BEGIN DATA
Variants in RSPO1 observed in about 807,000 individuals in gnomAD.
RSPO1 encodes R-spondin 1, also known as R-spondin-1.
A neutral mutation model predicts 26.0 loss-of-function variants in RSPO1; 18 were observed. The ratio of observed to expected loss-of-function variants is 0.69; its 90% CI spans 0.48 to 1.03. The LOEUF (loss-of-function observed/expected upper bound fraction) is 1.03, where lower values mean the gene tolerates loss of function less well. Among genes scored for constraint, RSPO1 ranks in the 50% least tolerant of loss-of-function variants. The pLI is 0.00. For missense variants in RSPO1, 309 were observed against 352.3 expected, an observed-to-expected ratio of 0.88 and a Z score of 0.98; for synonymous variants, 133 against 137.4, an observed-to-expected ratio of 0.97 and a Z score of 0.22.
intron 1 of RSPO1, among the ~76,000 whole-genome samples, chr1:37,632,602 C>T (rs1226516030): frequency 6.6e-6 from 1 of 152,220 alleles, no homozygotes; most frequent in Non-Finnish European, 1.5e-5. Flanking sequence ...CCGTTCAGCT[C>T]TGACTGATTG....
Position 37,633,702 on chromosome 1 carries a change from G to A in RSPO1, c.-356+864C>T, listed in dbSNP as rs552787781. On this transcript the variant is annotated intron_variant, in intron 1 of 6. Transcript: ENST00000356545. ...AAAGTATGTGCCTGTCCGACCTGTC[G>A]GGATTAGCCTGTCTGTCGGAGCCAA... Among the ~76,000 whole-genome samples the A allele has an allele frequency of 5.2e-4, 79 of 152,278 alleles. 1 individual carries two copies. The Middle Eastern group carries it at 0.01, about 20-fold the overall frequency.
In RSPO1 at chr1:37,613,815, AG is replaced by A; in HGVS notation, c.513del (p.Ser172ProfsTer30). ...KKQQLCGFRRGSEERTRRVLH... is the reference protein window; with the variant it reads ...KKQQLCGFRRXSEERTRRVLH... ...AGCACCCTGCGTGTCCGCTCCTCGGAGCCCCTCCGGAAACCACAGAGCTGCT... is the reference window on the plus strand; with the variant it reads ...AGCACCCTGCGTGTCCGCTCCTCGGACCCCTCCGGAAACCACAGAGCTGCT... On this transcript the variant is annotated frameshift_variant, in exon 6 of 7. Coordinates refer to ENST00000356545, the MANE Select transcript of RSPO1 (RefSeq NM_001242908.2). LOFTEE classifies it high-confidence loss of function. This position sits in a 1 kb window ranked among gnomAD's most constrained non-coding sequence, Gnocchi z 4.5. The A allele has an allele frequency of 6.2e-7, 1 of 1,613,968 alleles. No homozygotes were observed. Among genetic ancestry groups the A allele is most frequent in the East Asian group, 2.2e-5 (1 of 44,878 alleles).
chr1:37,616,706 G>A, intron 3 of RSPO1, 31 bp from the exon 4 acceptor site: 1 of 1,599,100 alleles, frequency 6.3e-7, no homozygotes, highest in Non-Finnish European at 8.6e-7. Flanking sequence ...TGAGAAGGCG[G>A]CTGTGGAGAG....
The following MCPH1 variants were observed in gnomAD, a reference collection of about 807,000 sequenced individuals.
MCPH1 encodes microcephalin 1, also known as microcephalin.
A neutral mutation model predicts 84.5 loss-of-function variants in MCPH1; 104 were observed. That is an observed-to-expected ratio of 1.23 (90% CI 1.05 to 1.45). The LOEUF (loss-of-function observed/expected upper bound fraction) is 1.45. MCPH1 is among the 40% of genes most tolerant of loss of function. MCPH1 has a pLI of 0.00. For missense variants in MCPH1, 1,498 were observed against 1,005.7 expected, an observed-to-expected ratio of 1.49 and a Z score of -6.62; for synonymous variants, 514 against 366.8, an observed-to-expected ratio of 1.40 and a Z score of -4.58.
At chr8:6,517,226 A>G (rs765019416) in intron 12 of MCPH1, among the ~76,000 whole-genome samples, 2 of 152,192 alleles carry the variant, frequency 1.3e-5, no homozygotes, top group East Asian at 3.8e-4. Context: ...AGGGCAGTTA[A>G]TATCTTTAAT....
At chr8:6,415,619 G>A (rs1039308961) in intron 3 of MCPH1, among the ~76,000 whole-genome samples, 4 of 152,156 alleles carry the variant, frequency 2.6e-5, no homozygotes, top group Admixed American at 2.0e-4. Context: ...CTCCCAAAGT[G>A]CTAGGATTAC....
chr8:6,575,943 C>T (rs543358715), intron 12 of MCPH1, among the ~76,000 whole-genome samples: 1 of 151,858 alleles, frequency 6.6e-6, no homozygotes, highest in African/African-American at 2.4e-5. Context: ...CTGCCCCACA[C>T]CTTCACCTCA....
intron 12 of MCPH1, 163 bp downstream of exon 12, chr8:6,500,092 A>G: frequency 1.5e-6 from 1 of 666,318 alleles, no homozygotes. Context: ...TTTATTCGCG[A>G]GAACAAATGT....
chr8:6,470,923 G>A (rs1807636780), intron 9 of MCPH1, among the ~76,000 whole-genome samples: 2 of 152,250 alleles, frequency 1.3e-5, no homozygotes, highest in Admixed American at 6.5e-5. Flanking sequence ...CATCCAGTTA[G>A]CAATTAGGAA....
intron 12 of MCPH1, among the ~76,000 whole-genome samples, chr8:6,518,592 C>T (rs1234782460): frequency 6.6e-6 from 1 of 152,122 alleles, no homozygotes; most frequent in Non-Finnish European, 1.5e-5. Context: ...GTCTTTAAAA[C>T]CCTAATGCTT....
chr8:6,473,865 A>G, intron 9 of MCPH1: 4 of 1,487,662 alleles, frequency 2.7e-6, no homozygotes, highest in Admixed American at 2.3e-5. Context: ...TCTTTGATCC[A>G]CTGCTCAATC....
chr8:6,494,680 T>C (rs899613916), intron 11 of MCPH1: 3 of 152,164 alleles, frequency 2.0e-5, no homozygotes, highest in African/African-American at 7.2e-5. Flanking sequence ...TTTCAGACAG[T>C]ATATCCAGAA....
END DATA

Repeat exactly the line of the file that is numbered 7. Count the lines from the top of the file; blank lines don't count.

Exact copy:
chr1:37,616,706 G>A, intron 3 of RSPO1, 31 bp from the exon 4 acceptor site: 1 of 1,599,100 alleles, frequency 6.3e-7, no homozygotes, highest in Non-Finnish European at 8.6e-7. Flanking sequence ...TGAGAAGGCG[G>A]CTGTGGAGAG....